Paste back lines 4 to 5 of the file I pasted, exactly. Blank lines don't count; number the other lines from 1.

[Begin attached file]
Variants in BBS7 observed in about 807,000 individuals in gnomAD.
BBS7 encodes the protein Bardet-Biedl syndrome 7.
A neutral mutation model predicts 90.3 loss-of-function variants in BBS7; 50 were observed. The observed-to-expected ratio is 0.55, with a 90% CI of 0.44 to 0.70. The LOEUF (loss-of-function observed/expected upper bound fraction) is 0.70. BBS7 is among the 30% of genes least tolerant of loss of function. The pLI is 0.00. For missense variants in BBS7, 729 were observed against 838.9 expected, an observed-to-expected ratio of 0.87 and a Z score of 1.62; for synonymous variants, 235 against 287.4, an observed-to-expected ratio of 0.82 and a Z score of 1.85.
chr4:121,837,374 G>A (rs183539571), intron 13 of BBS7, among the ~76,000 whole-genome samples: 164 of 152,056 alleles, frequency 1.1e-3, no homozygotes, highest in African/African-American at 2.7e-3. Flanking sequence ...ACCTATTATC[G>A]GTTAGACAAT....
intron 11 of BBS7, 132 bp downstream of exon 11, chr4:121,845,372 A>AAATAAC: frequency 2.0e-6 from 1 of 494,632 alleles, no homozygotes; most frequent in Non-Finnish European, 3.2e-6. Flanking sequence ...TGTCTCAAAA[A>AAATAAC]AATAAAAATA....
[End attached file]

chr4:121,837,374 G>A (rs183539571), intron 13 of BBS7, among the ~76,000 whole-genome samples: 164 of 152,056 alleles, frequency 1.1e-3, no homozygotes, highest in African/African-American at 2.7e-3. Flanking sequence ...ACCTATTATC[G>A]GTTAGACAAT....
intron 11 of BBS7, 132 bp downstream of exon 11, chr4:121,845,372 A>AAATAAC: frequency 2.0e-6 from 1 of 494,632 alleles, no homozygotes; most frequent in Non-Finnish European, 3.2e-6. Flanking sequence ...TGTCTCAAAA[A>AAATAAC]AATAAAAATA....